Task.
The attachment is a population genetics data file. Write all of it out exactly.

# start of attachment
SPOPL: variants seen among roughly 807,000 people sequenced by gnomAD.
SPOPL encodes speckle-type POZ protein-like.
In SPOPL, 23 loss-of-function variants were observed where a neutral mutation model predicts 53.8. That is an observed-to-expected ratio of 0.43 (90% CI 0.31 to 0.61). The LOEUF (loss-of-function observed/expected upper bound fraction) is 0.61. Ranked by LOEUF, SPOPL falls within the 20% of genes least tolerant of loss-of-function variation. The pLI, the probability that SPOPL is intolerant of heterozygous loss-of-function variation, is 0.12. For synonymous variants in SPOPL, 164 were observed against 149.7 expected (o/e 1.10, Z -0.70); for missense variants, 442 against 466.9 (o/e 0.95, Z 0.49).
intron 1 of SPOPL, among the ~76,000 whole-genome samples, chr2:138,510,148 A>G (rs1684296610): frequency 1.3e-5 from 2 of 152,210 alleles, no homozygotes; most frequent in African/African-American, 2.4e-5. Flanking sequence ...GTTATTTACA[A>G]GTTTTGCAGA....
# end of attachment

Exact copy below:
SPOPL: variants seen among roughly 807,000 people sequenced by gnomAD.
SPOPL encodes speckle-type POZ protein-like.
In SPOPL, 23 loss-of-function variants were observed where a neutral mutation model predicts 53.8. That is an observed-to-expected ratio of 0.43 (90% CI 0.31 to 0.61). The LOEUF (loss-of-function observed/expected upper bound fraction) is 0.61. Ranked by LOEUF, SPOPL falls within the 20% of genes least tolerant of loss-of-function variation. The pLI, the probability that SPOPL is intolerant of heterozygous loss-of-function variation, is 0.12. For synonymous variants in SPOPL, 164 were observed against 149.7 expected (o/e 1.10, Z -0.70); for missense variants, 442 against 466.9 (o/e 0.95, Z 0.49).
intron 1 of SPOPL, among the ~76,000 whole-genome samples, chr2:138,510,148 A>G (rs1684296610): frequency 1.3e-5 from 2 of 152,210 alleles, no homozygotes; most frequent in African/African-American, 2.4e-5. Flanking sequence ...GTTATTTACA[A>G]GTTTTGCAGA....